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Pace Steady for Citations Issued In Bristol Bay Fisheries

While the Bristol Bay fishery for wild Alaska sockeye salmon has slowed, Alaska State Wildlife Troopers have kept busy, issuing 34 new citations over a period of several days in the second week of July for violations in the commercial fishery. In the latest tally, covering July 7-12, 21 of those citations were issued to non-residents and 13 to residents.The citations covered violations ranging from commercial fishing in closed waters to crewmembers without a crewmember license, not possessing a photo ID, mostly in the Naknek district, as the Egegik district of Bristol Bay has been closed since July 6 to allow for more escapement of salmon upstream.A Seattle fisherman pleaded guilty in Dillingham on July 12 to one charge of fishing in closed waters and was fined $6,000, with $4,000 suspende...
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Pollock Cooperative Agrees to Broader Closure Areas to Avoid Chum Bycatch

The Bering Sea Pollock industry has agreed to a new plan to reduce the chum salmon bycatch that happens every year in the Pollock fishery. The Marine Conservation Alliance made the announcement on July 12 from Juneau. Through use of the Inter-cooperative Salmon Agreement the Pollock industry agreed to allow the independent organization SeaState to close an additional 1,000 square nautical miles of fishing grounds to reduce encounters with chum salmon. That brings the total area allowed for closure to 5,000 square nautical miles – an area bigger than the state of Connecticut.“We as the Inter-cooperative can take the bull by the horns and address this problem,” said John Gruver of United Catcher Boats. “I think we are doing the right thing.”The cooperative program calls for SeaState to revie...
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Most Charges Dismissed After Attack on Fish Weir

By Bob TkaczJuly 2011A Homer resident, faced with ten criminal charges after allegedly admitting to a state trooper that he floated logs and other debris down the Anchor River to wreck an Alaska Department of Fish and Game weir last June, settled the entire matter with a thousand dollar fine and 30-day suspended jail sentence in a negotiated disposition approved by the trial court in April.“The whole story was completely fabricated. That one charge was to just let me know how stupid I was,” said Christopher A. Vigue, 46, May 24.Lance Joanis, state prosecutor in the Third Judicial District, and Deputy Prosecutor Amy Fenske, who handled the case, did not respond to repeated phone calls and emails in May asking why they agreed to dismiss the charges with a confession in hand.“He admitted thro...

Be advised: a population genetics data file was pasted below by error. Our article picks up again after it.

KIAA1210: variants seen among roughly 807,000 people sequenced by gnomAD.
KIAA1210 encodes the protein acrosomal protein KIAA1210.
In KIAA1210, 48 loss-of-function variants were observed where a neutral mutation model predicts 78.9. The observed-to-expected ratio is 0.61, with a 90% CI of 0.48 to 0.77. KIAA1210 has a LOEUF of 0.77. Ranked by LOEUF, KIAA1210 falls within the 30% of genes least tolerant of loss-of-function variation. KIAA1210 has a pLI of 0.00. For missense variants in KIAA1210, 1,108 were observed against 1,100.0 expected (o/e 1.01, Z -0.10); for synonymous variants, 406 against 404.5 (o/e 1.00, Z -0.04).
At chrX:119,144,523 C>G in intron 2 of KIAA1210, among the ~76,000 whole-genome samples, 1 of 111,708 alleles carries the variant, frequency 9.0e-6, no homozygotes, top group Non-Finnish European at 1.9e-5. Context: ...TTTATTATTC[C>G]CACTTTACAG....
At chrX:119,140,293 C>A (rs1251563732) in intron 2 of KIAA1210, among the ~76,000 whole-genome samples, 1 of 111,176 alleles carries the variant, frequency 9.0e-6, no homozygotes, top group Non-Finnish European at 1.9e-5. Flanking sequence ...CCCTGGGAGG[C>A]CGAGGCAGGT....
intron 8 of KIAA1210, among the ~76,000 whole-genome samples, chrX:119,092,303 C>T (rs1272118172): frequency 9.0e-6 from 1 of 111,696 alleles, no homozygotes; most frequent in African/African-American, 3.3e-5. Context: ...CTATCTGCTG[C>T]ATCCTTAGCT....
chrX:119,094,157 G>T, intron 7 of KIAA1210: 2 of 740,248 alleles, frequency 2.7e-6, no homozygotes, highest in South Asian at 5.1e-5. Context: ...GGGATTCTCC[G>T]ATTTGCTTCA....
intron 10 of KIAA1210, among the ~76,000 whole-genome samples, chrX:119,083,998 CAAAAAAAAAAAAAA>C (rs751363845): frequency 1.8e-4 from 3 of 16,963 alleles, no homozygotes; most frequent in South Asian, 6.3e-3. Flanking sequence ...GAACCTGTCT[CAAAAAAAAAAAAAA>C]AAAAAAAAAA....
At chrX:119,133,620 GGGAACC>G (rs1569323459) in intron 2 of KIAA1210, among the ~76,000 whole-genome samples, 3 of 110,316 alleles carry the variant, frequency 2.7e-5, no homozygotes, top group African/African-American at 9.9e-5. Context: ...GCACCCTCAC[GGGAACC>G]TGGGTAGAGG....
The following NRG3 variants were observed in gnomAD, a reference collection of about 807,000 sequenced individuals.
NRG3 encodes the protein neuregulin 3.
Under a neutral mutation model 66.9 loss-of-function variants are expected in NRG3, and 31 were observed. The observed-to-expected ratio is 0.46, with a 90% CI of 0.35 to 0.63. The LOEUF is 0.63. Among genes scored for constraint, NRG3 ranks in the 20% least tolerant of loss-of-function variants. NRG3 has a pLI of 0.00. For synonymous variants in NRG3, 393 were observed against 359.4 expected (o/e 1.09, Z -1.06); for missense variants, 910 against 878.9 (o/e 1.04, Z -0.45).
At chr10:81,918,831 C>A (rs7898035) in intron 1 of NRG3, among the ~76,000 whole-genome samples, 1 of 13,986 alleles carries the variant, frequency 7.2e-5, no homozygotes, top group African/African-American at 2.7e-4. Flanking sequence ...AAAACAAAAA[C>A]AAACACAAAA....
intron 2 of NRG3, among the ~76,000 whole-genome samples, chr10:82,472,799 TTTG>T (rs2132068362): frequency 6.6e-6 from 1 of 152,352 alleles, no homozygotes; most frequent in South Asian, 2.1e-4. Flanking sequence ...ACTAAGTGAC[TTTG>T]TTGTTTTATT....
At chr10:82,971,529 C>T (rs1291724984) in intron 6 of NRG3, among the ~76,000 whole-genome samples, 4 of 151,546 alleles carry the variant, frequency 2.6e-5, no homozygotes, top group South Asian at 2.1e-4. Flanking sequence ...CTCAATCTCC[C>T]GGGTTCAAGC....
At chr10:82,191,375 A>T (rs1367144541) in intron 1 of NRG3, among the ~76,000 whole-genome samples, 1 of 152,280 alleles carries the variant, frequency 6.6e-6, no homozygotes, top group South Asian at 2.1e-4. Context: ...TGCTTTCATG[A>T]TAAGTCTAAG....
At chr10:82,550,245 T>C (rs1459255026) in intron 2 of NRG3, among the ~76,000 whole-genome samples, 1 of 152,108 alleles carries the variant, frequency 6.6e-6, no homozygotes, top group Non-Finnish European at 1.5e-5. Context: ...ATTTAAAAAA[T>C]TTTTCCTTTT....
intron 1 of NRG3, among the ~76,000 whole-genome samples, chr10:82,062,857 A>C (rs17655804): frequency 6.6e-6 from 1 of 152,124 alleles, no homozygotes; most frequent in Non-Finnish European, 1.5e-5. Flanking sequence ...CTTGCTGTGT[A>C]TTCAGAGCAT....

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Bristol Bay Salmon Harvest Hits 15 Million

Wild sockeye salmon harvests in Bristol Bay hit 15.3 million fish through July 4 and just keep on growing, with a cumulative escapement of 4.7 million fish, for a total run through Independence Day of 20.4 million fish. That broke down to a total run of 8.5 million fish into the Naknek-Kvichak, 5,073,754 fish into the Nushagak district, 4.8 million into the Egegik district, 1.9 million into the Ugashik district, and 136,837 into the Togiak district.Alaska Department of Fish and Game biologists say the preliminary harvest figures for July 4 alone show was 1.6 million fish, with the number of sockeye per drift delivery averaging 816,000 reds in the Naknek-Kvichak district, 758,000 in the Ugashik district, 561,000 in Egegik, 434,000 in the Nushagak and 395,000 in the Togiak district. On July ...
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Statewide Salmon Harvests Near 20 Million Fish Through July 1

Alaska’s overall statewide harvest of all wild salmon species through July 1 stood at a preliminary total of nearly 20 million fish. The good news for fishermen is that prices were holding steady through July 5 in Anchorage at $6.95 a pound for headed and gutted whole sockeye, with those omega-3 oil packed fillets going for $10.95 at one popular retail seafood outlet. Bristol Bay’s total harvest through July 1 stood at 9.5 million salmon of all species, including 9.3 million sockeye, 188,000 chum and 28,000 kings. For Prince William Sound, the total harvest was 3.3 million salmon, including more than 2 million reds, 1.9 million chum, 19,000 kings, some 4,000 silvers and 3,000 pink salmon. For the Copper River alone, the total run was 1.3 million fish, 1,338,000 reds, 18,000 kings, 11,000 c...